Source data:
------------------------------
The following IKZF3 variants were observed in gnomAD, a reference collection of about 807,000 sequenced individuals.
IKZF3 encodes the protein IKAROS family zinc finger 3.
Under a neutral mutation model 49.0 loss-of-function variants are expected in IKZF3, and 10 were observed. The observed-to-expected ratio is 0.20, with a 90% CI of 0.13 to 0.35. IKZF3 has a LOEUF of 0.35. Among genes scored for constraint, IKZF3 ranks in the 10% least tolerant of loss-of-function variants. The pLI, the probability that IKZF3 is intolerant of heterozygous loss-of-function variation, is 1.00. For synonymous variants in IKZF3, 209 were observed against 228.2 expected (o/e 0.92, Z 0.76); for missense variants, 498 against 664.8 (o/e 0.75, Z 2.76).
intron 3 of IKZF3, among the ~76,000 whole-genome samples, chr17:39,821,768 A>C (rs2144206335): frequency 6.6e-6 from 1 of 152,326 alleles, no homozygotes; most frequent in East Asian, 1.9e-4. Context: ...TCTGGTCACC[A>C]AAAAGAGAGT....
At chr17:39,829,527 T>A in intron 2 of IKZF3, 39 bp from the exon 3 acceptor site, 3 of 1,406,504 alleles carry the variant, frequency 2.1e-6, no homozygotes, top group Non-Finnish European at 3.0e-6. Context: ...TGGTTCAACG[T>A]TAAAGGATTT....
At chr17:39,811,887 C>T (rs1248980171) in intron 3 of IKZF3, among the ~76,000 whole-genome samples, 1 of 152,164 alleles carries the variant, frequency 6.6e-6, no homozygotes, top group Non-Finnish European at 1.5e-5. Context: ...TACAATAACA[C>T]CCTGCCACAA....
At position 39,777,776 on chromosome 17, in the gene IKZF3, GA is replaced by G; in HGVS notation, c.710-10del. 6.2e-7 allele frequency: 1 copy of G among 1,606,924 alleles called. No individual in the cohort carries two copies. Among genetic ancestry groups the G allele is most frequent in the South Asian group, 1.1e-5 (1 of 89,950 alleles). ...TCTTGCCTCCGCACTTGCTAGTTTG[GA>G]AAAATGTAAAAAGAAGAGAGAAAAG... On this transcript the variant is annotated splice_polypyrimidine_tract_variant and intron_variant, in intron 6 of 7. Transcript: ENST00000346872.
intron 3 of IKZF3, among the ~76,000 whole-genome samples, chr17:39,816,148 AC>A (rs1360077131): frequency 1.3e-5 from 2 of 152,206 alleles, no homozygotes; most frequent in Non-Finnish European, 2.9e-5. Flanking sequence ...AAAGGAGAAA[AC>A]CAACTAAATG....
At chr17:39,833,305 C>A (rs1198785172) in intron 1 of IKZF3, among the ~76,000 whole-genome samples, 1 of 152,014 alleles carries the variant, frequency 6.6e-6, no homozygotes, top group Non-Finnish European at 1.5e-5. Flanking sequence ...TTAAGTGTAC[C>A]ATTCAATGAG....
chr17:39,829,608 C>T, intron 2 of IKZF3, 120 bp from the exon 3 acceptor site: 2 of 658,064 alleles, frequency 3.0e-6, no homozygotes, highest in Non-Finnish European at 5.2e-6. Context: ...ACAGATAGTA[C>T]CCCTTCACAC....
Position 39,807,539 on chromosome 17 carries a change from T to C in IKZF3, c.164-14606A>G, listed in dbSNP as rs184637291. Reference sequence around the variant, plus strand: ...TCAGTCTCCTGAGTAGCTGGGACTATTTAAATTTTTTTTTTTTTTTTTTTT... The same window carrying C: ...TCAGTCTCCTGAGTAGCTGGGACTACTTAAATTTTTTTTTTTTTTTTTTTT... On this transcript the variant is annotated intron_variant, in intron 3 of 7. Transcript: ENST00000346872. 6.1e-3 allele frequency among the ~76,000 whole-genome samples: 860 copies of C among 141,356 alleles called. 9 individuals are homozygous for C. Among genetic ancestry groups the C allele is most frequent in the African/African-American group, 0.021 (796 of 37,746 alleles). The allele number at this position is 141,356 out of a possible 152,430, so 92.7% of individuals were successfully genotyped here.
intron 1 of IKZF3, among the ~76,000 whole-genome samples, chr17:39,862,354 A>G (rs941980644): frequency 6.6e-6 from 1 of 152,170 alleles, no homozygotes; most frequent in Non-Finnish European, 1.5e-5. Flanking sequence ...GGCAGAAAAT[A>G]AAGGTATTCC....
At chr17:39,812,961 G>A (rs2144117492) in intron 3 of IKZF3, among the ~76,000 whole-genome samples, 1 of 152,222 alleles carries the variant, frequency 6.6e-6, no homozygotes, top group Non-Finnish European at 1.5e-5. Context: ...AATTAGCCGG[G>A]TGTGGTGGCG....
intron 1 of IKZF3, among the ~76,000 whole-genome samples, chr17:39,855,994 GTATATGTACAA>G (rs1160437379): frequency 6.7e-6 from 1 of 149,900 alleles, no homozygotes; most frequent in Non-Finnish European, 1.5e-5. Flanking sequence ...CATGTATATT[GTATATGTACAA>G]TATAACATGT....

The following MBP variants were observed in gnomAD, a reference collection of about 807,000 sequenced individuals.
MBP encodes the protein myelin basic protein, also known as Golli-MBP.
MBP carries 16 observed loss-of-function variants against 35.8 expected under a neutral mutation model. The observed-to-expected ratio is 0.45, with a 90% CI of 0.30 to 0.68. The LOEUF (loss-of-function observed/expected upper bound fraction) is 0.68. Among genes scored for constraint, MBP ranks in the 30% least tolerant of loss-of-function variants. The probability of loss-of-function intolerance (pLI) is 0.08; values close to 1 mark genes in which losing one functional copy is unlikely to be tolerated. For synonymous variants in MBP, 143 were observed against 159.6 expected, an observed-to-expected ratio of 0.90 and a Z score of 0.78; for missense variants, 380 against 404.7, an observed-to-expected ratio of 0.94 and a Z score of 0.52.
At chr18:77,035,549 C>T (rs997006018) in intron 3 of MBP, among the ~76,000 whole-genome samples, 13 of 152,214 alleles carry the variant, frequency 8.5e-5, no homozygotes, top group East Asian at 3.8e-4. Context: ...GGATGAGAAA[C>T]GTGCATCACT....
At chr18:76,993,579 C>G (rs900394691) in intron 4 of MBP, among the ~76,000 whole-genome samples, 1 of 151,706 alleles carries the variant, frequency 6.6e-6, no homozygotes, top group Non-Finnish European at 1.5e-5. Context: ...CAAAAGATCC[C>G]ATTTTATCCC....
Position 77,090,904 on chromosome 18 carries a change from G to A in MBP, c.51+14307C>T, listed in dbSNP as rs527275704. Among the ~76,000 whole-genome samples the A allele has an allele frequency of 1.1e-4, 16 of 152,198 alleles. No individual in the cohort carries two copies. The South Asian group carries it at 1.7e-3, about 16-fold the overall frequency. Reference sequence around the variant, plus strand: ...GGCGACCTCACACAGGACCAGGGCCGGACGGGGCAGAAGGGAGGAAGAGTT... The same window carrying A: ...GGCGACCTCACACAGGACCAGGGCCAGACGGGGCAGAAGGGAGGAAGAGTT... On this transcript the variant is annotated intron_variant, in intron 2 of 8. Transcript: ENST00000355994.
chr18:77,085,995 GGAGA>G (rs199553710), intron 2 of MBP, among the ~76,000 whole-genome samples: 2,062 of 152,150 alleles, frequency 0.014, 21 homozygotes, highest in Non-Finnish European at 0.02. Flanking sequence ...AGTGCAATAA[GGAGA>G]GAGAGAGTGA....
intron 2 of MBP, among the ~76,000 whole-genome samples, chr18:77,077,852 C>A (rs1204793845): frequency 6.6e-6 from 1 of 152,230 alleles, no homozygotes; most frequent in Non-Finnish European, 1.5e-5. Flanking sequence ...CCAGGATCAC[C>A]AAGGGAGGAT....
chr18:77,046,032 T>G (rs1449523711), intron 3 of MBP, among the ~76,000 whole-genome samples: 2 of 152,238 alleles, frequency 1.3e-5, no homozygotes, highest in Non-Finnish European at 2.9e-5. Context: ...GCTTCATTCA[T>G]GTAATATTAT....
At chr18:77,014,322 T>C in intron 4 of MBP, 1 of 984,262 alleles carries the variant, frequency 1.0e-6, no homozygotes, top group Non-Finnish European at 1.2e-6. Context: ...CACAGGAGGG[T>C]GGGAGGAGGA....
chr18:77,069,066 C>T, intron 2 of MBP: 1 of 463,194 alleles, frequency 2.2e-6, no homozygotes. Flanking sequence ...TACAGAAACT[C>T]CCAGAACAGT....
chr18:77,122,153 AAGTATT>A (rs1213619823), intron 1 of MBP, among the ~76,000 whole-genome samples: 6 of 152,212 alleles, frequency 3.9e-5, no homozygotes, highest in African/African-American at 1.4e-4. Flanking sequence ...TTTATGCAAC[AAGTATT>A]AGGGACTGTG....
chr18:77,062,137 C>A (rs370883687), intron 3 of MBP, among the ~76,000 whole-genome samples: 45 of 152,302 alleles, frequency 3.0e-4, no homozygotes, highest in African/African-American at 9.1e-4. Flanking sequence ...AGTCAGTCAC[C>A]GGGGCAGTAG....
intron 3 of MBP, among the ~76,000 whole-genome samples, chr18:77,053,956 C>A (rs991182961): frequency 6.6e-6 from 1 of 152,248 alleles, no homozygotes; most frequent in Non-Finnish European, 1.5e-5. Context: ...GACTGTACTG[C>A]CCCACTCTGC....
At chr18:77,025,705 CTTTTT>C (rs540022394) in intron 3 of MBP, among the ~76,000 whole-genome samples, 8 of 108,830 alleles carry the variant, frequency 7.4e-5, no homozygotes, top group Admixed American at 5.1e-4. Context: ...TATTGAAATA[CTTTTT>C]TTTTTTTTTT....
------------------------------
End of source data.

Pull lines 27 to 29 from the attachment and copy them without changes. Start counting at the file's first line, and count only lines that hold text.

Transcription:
chr18:77,062,137 C>A (rs370883687), intron 3 of MBP, among the ~76,000 whole-genome samples: 45 of 152,302 alleles, frequency 3.0e-4, no homozygotes, highest in African/African-American at 9.1e-4. Flanking sequence ...AGTCAGTCAC[C>A]GGGGCAGTAG....
intron 3 of MBP, among the ~76,000 whole-genome samples, chr18:77,053,956 C>A (rs991182961): frequency 6.6e-6 from 1 of 152,248 alleles, no homozygotes; most frequent in Non-Finnish European, 1.5e-5. Context: ...GACTGTACTG[C>A]CCCACTCTGC....
At chr18:77,025,705 CTTTTT>C (rs540022394) in intron 3 of MBP, among the ~76,000 whole-genome samples, 8 of 108,830 alleles carry the variant, frequency 7.4e-5, no homozygotes, top group Admixed American at 5.1e-4. Context: ...TATTGAAATA[CTTTTT>C]TTTTTTTTTT....